VETERAN rapper Enock “ExQ” Munhenga has expressed disappointment over the state of the local music industry which he said was getting poorer and lacked growth due to lack of financial backing.

ExQ, who has become one of the most sought-after entertainers in the country, emerged on the music scene in early 2000s during the birth of the urban grooves movement with a hit track Musalala.

In an interview with NewsDay Life Style, ExQ said it had become difficult for artistes to earn a living due to the declining economic conditions adding that fans were no longer spending more on music.

“To be honest the music industry is not growing, it is getting worse because I remember when we started, without shows we used to sell cassettes and CDs. As for me, when I released my first cassette, I did well and I knew the number of copies that I sold and my life changed through selling music,” he said.

“Now it is hard because we rarely sell music as people are now relying on shows and few corporates, but these corporates don’t release money, if they release, the person between the corporates and the artiste would want a bigger share and they don’t want to give artistes what they deserve. So at the end of the day things are getting worse and also with our economy it’s hard.”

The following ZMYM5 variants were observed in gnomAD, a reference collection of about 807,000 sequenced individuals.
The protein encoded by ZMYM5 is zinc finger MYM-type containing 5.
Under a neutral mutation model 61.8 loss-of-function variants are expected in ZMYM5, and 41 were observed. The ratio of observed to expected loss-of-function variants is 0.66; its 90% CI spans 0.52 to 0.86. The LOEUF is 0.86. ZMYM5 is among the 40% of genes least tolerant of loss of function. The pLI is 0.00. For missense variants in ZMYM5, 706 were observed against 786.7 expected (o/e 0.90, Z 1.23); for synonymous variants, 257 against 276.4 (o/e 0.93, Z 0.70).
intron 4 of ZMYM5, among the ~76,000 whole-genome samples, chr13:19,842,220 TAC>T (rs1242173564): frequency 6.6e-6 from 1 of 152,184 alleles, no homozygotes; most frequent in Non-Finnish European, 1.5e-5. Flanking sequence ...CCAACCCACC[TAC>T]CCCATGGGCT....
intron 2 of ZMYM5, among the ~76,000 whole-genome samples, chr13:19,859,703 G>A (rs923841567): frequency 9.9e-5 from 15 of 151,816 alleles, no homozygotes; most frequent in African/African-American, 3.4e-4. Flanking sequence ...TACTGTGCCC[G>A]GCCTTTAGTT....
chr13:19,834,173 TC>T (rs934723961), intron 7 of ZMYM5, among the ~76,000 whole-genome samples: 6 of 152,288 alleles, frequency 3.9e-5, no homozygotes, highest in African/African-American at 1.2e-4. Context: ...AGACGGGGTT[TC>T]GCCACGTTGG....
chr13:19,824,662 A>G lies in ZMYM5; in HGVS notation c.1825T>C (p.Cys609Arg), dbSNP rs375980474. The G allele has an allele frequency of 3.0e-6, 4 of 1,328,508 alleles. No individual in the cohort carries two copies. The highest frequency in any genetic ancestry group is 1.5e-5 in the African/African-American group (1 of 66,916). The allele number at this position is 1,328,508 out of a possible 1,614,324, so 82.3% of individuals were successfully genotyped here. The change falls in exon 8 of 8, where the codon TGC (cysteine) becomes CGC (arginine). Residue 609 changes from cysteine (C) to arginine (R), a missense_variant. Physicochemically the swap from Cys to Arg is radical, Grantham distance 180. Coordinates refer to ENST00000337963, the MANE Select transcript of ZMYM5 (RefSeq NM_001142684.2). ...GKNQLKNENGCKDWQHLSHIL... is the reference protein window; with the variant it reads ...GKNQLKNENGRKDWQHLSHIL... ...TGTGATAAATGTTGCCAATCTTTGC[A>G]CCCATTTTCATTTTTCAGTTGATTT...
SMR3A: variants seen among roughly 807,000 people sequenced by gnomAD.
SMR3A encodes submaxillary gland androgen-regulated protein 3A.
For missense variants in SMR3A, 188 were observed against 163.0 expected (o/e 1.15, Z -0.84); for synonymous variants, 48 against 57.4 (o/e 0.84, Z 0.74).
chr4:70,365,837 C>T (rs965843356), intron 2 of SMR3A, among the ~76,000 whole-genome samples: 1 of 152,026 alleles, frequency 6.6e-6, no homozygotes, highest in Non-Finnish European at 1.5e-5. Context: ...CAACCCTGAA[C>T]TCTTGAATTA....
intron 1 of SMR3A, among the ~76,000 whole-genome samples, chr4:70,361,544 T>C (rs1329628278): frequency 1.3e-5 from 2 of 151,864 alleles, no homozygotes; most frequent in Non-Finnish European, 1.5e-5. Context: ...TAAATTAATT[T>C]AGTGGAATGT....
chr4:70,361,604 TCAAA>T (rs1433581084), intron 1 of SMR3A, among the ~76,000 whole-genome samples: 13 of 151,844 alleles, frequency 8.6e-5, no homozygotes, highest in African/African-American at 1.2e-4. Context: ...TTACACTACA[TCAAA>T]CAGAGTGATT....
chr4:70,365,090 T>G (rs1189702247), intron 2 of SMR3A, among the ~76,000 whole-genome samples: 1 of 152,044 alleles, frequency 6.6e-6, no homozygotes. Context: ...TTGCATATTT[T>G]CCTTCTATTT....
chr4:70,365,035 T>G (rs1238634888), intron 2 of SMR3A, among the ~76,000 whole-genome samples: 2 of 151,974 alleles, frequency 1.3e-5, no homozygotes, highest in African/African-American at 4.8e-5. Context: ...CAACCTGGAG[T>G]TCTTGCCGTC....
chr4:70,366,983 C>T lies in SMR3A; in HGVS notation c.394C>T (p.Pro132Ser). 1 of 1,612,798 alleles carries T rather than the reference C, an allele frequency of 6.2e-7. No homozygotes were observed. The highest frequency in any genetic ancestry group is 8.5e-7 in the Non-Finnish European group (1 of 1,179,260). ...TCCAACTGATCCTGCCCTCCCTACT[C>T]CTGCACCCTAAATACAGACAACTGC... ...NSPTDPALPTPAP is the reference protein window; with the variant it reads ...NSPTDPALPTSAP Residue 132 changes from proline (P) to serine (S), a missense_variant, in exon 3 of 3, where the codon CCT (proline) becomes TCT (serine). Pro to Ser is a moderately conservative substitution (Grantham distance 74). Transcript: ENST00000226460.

The singer bemoaned lack of support from the corporate world.

“Music industry is not working well because the economy is not functioning well, so it is hard for fans to spend something on music. They need to buy music and they need to come to our shows so everyone will be calculating whether or not it’s profitable,” he said.

“The corporate side is not really supportive. So if the economy gets back on its feet then the music industry will also do well.”

A father of three, ExQ said at the start of his career, he produced only two songs which he performed over a period of two years.

“I was lucky because I believe with my first song Musalala that is when my breakthrough came because soon after I started doing live shows. I released another one and then started performing the two songs for two years and from there the rest is history,” he said.

“The greatest challenge is the issue of finance because failure to sell music, stage live shows and lack of support of corporates you cannot then afford to do proper videos because they cost a lot. So it’s really difficult to do something or produce quality projects that will cross the borders.

“The issue of finance affects marketing of our music and also launching new things. All this needs finance.”

ExQ said he had a huge vision for his career, adding that he was working on finalising new projects that he has been recording before and during the COVID-19 lockdown. He expects to release the projects as an album.

He said he felt encouraged when he saw fellow artistes doing well outside Zimbabwe and being recognised for their crafts beyond the borders.

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